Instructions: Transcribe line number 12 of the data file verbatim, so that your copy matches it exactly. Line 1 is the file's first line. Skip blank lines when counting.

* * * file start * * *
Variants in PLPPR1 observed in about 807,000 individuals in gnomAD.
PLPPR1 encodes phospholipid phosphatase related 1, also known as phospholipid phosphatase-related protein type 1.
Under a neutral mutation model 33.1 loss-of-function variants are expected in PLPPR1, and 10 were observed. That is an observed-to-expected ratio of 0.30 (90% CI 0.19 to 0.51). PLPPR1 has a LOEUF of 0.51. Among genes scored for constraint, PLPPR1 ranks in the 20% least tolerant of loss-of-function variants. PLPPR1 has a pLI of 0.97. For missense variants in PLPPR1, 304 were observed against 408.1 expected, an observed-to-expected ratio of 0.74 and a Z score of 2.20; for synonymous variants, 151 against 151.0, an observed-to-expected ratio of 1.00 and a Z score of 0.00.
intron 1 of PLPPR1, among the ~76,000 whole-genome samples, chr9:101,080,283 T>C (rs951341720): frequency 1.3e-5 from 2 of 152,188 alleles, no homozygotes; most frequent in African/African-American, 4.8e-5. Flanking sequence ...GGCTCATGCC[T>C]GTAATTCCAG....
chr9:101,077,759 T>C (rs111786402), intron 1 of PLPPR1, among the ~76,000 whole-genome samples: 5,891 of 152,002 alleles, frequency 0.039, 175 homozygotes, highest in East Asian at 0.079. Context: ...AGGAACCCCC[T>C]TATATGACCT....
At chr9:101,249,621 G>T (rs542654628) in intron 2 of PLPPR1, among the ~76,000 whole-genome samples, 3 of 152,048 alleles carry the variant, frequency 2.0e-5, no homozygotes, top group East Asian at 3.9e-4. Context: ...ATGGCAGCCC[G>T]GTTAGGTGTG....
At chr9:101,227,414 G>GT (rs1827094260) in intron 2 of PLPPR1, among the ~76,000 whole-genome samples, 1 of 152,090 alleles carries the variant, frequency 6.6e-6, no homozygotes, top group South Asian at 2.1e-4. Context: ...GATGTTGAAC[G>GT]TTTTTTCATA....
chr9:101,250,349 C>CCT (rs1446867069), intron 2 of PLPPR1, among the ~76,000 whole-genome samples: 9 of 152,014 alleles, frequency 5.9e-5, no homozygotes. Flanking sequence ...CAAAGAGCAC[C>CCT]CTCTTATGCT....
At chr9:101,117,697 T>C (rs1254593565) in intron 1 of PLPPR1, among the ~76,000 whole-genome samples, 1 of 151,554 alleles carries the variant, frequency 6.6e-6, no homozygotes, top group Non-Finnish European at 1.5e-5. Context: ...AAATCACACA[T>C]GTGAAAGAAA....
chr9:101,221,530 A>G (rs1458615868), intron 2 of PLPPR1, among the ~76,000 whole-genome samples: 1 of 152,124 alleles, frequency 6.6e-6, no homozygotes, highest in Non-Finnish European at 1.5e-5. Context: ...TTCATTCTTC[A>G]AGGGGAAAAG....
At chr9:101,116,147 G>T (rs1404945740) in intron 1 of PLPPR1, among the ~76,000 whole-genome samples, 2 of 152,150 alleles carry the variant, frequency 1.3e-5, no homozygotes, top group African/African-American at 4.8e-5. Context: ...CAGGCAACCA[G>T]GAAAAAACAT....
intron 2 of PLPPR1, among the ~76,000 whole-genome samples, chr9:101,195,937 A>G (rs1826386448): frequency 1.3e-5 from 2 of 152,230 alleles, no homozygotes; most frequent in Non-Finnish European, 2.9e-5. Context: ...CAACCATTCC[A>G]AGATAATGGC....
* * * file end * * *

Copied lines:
intron 2 of PLPPR1, among the ~76,000 whole-genome samples, chr9:101,195,937 A>G (rs1826386448): frequency 1.3e-5 from 2 of 152,230 alleles, no homozygotes; most frequent in Non-Finnish European, 2.9e-5. Context: ...CAACCATTCC[A>G]AGATAATGGC....